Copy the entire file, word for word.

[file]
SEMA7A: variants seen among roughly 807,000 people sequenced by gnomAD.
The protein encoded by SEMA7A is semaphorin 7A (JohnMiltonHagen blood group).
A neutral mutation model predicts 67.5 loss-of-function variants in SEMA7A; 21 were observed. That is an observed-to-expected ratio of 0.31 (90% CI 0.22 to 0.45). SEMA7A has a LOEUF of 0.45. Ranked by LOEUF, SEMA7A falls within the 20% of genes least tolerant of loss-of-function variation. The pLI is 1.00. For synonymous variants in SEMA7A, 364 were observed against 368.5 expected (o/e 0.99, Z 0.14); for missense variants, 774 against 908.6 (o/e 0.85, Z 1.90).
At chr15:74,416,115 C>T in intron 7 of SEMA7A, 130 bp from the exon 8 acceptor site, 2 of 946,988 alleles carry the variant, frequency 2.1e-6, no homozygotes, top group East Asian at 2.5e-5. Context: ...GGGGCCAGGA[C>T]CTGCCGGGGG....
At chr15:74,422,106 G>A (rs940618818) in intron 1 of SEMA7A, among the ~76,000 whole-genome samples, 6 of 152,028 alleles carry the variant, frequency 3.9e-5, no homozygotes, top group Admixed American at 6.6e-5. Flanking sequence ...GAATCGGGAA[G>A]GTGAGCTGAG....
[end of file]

SEMA7A: variants seen among roughly 807,000 people sequenced by gnomAD.
The protein encoded by SEMA7A is semaphorin 7A (JohnMiltonHagen blood group).
A neutral mutation model predicts 67.5 loss-of-function variants in SEMA7A; 21 were observed. That is an observed-to-expected ratio of 0.31 (90% CI 0.22 to 0.45). SEMA7A has a LOEUF of 0.45. Ranked by LOEUF, SEMA7A falls within the 20% of genes least tolerant of loss-of-function variation. The pLI is 1.00. For synonymous variants in SEMA7A, 364 were observed against 368.5 expected (o/e 0.99, Z 0.14); for missense variants, 774 against 908.6 (o/e 0.85, Z 1.90).
At chr15:74,416,115 C>T in intron 7 of SEMA7A, 130 bp from the exon 8 acceptor site, 2 of 946,988 alleles carry the variant, frequency 2.1e-6, no homozygotes, top group East Asian at 2.5e-5. Context: ...GGGGCCAGGA[C>T]CTGCCGGGGG....
At chr15:74,422,106 G>A (rs940618818) in intron 1 of SEMA7A, among the ~76,000 whole-genome samples, 6 of 152,028 alleles carry the variant, frequency 3.9e-5, no homozygotes, top group Admixed American at 6.6e-5. Flanking sequence ...GAATCGGGAA[G>A]GTGAGCTGAG....